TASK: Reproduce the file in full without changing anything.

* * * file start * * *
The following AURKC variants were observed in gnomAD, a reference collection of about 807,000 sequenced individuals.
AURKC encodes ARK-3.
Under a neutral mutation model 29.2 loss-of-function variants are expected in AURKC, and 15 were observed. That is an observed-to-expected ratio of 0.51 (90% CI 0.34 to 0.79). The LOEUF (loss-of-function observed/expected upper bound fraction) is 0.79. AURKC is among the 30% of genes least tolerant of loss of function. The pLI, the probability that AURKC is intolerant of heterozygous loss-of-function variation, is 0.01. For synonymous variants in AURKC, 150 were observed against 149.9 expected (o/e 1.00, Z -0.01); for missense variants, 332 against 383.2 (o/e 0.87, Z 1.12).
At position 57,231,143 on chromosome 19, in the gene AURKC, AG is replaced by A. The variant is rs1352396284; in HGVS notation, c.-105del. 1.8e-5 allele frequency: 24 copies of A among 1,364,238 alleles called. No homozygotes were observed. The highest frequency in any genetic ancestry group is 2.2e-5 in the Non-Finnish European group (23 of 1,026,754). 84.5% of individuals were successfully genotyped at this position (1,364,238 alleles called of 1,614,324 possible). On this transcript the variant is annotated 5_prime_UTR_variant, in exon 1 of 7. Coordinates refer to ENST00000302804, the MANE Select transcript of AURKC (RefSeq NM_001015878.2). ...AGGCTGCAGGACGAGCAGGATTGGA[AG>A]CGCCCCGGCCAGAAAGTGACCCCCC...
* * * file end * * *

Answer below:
The following AURKC variants were observed in gnomAD, a reference collection of about 807,000 sequenced individuals.
AURKC encodes ARK-3.
Under a neutral mutation model 29.2 loss-of-function variants are expected in AURKC, and 15 were observed. That is an observed-to-expected ratio of 0.51 (90% CI 0.34 to 0.79). The LOEUF (loss-of-function observed/expected upper bound fraction) is 0.79. AURKC is among the 30% of genes least tolerant of loss of function. The pLI, the probability that AURKC is intolerant of heterozygous loss-of-function variation, is 0.01. For synonymous variants in AURKC, 150 were observed against 149.9 expected (o/e 1.00, Z -0.01); for missense variants, 332 against 383.2 (o/e 0.87, Z 1.12).
At position 57,231,143 on chromosome 19, in the gene AURKC, AG is replaced by A. The variant is rs1352396284; in HGVS notation, c.-105del. 1.8e-5 allele frequency: 24 copies of A among 1,364,238 alleles called. No homozygotes were observed. The highest frequency in any genetic ancestry group is 2.2e-5 in the Non-Finnish European group (23 of 1,026,754). 84.5% of individuals were successfully genotyped at this position (1,364,238 alleles called of 1,614,324 possible). On this transcript the variant is annotated 5_prime_UTR_variant, in exon 1 of 7. Coordinates refer to ENST00000302804, the MANE Select transcript of AURKC (RefSeq NM_001015878.2). ...AGGCTGCAGGACGAGCAGGATTGGA[AG>A]CGCCCCGGCCAGAAAGTGACCCCCC...